In the last two years, the OUS FB page and this main site have been truly inspirational and I have been blown away by the quality of many of the original songs. I appreciate that the ukulele world is a niche musical genre and most of what I see and hear is not original music. Fortunately, artists like Victoria Vox, James Hill, Manitoba Hall, Biscuithead and the Biscuit Badgers, Danielle Ate the Sandwich and my own band The Small Change Diaries are all looking to push the boundaries of ukulele-based music. It’s not to everybody’s taste of course, but personally, such artists give me some hope that we can show the wider public that the ukulele is an extraordinary instrument that can be used as an excellent creative musical tool. Artists like Eddie Vedder, George Harrison and Elvis Costello have also embraced the mighty uke to create some superb songs.

I passionately believe that the world is a better place for artists creating new music and I applaud anyone doing this. OUS remains an oasis for such material and in 2019 I will be unveiling a much bigger platform also dedicated to the love of music.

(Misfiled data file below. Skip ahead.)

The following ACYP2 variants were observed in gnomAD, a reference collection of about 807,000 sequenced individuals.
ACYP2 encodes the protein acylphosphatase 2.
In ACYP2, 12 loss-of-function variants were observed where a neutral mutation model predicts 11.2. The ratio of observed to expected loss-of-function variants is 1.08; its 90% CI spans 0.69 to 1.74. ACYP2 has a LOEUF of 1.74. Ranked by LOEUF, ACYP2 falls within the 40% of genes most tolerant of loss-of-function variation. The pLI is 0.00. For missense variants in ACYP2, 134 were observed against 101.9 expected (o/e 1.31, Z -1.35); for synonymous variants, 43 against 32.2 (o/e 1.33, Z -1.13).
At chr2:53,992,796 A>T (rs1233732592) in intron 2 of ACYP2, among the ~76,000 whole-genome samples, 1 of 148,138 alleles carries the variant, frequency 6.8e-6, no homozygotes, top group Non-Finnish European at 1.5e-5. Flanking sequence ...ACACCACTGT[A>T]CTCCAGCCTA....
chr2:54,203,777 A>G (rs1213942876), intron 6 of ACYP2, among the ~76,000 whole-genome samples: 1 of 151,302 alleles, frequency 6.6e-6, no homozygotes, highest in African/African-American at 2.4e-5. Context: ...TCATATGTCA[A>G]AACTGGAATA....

10 Responses to OUS Misconceptions and inspirations

  1. Alan 21st May 2018 at 8:59 am #

    …and this continues to be a place to find many wonderful players and their original songs.

    Building community by rallying folks to a single place where they can find others willing to both share their talents and enjoy those of others seems to be the bit that keeps me coming back. Gathering spots come and go, but places where folks can freely share and communicate with their own creations can still be rare.

    • nick cody 21st May 2018 at 9:02 am #

      Its a unique space and for me a constant inspiration. Thanks for all your help with this

  2. Peter Coulsdon 21st May 2018 at 4:04 pm #